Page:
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Typical Day

Dr. Marina Aquarius Fishwater paces around her bright yellow North Face expedition tent, planning her day. This newly minted marine biologist loves the stripped-down austerity of life at the 66th parallel south. Icebergs, Glaciers. Ice floes. Snow. Marina’s tent home is equally minimalist: sleeping bag, duffel bag and sheepskins (the academic kind — PhD) pinioned to the stretched nylon tent wall.

Welcome to life in Antarctica, where the leopard seals dive and thrive.

To Marina, this is heaven, for Marina is a biologist whose specialty is the Antarctic predatory marine mammal, the leopard seal. She’s spending a few months doing her postdoctoral work near Palmer Station, the scientific outpost in the Antarctica “banana belt” where temperatures in the summer hit the balmy high of 30 degrees F.

Marina remembers how people thought she was crazy when she announced her doctoral thesis topic: The hunting and social behavior of leopard seals, a.k.a. Hydrurga leptonyx, at Seal Island, South Shetland Islands, Antarctica. But as a child, she had fallen in love with these pointy-headed, primo predators of the South — Southern Hemisphere, that is — when she saw a hungry one devour a penguin in the movie “March of the Penguins.”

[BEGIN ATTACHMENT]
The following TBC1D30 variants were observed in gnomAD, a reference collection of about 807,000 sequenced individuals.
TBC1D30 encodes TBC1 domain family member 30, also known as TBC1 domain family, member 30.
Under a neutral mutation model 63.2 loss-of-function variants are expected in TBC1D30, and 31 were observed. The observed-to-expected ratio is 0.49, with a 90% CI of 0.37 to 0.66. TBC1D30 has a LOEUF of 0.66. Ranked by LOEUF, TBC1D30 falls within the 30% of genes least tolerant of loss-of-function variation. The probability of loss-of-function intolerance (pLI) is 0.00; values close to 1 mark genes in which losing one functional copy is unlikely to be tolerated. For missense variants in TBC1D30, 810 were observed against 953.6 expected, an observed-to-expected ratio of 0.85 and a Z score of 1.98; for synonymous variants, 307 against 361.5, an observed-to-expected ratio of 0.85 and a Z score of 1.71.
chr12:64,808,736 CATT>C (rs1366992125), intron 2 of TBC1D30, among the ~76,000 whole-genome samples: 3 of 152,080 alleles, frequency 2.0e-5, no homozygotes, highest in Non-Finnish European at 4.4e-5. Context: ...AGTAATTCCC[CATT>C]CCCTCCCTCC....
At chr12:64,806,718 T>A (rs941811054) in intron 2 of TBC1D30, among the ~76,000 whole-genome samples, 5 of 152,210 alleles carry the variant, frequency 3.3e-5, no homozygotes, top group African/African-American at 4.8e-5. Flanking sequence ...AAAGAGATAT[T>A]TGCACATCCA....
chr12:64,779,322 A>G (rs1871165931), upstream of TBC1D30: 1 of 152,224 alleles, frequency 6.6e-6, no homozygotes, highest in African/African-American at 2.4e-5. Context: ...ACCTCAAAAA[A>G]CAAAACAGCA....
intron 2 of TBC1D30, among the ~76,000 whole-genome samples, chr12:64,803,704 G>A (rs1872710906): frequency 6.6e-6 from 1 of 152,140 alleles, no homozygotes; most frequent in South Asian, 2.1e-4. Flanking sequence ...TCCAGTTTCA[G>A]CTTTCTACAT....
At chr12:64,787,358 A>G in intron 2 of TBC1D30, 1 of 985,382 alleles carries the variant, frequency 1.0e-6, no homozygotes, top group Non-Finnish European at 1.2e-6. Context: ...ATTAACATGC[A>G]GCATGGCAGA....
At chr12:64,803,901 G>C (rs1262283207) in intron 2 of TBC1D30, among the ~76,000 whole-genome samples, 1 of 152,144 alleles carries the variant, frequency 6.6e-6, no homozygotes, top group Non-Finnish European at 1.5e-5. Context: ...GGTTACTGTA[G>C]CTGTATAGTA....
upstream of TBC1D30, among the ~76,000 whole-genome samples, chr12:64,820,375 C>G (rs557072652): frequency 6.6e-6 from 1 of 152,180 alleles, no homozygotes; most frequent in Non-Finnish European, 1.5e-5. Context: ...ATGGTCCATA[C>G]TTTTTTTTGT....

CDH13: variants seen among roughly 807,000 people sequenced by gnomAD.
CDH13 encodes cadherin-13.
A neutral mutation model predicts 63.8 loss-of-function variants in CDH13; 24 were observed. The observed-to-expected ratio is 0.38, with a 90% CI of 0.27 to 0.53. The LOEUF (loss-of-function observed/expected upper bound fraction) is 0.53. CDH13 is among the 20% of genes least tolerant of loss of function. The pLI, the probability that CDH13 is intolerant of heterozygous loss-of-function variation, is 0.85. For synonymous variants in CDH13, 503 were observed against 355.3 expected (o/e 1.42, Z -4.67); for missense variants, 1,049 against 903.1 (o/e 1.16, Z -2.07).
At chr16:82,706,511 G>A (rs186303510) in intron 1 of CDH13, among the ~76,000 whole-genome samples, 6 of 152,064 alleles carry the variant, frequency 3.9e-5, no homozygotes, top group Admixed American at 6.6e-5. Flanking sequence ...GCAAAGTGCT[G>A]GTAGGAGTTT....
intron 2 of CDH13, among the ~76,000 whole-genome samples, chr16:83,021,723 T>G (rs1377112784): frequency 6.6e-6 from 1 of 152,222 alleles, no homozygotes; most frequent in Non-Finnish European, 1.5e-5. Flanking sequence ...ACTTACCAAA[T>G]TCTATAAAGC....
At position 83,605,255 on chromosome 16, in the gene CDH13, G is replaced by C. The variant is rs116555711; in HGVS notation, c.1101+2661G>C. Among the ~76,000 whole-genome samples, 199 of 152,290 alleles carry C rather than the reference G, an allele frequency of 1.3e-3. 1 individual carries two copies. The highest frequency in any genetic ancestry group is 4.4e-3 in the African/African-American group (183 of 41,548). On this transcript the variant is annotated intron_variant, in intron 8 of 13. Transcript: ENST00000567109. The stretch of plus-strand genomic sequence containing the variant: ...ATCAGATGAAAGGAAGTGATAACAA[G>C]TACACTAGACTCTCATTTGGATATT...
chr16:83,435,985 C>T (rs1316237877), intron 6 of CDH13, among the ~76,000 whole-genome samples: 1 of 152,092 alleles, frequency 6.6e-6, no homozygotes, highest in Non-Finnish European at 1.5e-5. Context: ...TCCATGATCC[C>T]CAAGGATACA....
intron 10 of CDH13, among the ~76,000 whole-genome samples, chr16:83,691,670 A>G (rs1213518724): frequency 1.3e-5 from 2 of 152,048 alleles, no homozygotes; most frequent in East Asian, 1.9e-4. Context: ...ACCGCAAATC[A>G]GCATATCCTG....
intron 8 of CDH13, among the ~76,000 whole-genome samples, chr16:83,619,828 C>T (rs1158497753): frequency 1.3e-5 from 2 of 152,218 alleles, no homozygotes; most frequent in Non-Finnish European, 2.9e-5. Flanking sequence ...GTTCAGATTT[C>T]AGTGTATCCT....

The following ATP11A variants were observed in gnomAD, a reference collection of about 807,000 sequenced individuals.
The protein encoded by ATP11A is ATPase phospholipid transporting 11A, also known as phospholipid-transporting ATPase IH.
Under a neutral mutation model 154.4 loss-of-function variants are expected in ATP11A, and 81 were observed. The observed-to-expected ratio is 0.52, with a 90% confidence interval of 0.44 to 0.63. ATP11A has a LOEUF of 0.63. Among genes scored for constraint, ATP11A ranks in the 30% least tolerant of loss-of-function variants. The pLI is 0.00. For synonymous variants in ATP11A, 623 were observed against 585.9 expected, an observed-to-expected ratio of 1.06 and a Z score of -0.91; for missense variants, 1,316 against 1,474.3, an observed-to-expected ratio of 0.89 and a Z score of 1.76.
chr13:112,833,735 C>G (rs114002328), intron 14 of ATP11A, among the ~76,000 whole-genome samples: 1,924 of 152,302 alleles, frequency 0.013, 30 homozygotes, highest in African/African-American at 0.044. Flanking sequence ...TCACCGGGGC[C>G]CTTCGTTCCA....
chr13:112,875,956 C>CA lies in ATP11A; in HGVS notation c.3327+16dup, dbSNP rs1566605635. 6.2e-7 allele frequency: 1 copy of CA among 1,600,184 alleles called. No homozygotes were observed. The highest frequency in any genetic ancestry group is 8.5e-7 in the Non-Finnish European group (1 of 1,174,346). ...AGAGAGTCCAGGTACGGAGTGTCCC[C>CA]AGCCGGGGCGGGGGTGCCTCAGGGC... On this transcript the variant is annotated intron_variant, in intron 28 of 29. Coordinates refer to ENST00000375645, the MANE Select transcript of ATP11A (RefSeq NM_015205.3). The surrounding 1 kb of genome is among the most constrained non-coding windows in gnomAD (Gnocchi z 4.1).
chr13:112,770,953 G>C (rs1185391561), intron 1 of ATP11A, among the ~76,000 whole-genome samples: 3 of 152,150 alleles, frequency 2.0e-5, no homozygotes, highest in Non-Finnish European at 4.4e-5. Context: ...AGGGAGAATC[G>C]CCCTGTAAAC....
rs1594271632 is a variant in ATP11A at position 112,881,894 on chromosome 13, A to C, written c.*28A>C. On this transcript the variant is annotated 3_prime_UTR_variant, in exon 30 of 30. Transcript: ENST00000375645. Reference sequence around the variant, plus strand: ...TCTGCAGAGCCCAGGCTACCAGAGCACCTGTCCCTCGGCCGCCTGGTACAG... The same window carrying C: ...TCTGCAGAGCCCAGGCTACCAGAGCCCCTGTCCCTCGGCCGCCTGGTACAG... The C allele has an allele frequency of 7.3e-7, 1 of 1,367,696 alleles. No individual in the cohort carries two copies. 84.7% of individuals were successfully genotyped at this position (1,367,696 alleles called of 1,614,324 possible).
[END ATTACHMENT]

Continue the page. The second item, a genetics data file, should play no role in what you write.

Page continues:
Marina is on the side of the predators, and she likes it there.

She is comfortable in her tent, and it’s the first hour of the 20 hours of daylight in the Antarctic December summer day. She was meeting her colleague, Tim “Iceman” Commeth, for a day of tracking leopard seals on the water. Tim was from the Geological Survey leopard seal research program and was an Antarctic old-timer, known for his ice-floe shenanigans. She had heard he’d once run around outside in sub-zero weather — on a dare — clad only in his long underwear. He had lived but, rumor has it, some parts of him didn’t. Like his common sense, some said.

For today’s trip, Tim would be the navigator, Marina the tracker, keeping tabs on a few lucky elephant seals that had tracking devices attached to their wet little bodies.

Not one of them is balancing a beach ball. What bums.

OK, OK. Inventory time. Marina checks her gear bag. Food (freeze-dried, dry, and yucky). Water (more yucky). Logbook. Binoculars. Tracking equipment Life jacket. Oh, shoot. Marina grabs the 50 SPF sunscreen. Can’t forget that. Twenty hours of sunlight can take a toll on a girl’s complexion. OK. She has on three layers of clothes, a fur-lined parka and boots. Knit hat. Three layers of gloves and mittens.

All layered up, she is ready to go.

She pokes her head outside the tent flap and a blast of cold wind smacks her. Antarctica. She loves it. She slip-slides her way the half-mile to the Palmer Station marina where Tim is waiting next to the dock.

“Marina,” Tim yells. “Marina, your fate is sealed.” He cackles like a banshee and pulls on the line, making the little Zodiac inflatable boat rock and roll like a black rubber cork.

That subzero degree run really did do him in, Marina thinks. The guy’s one of the end-of-the-line nut cases you see everywhere in this frozen outpost of borderline personalities.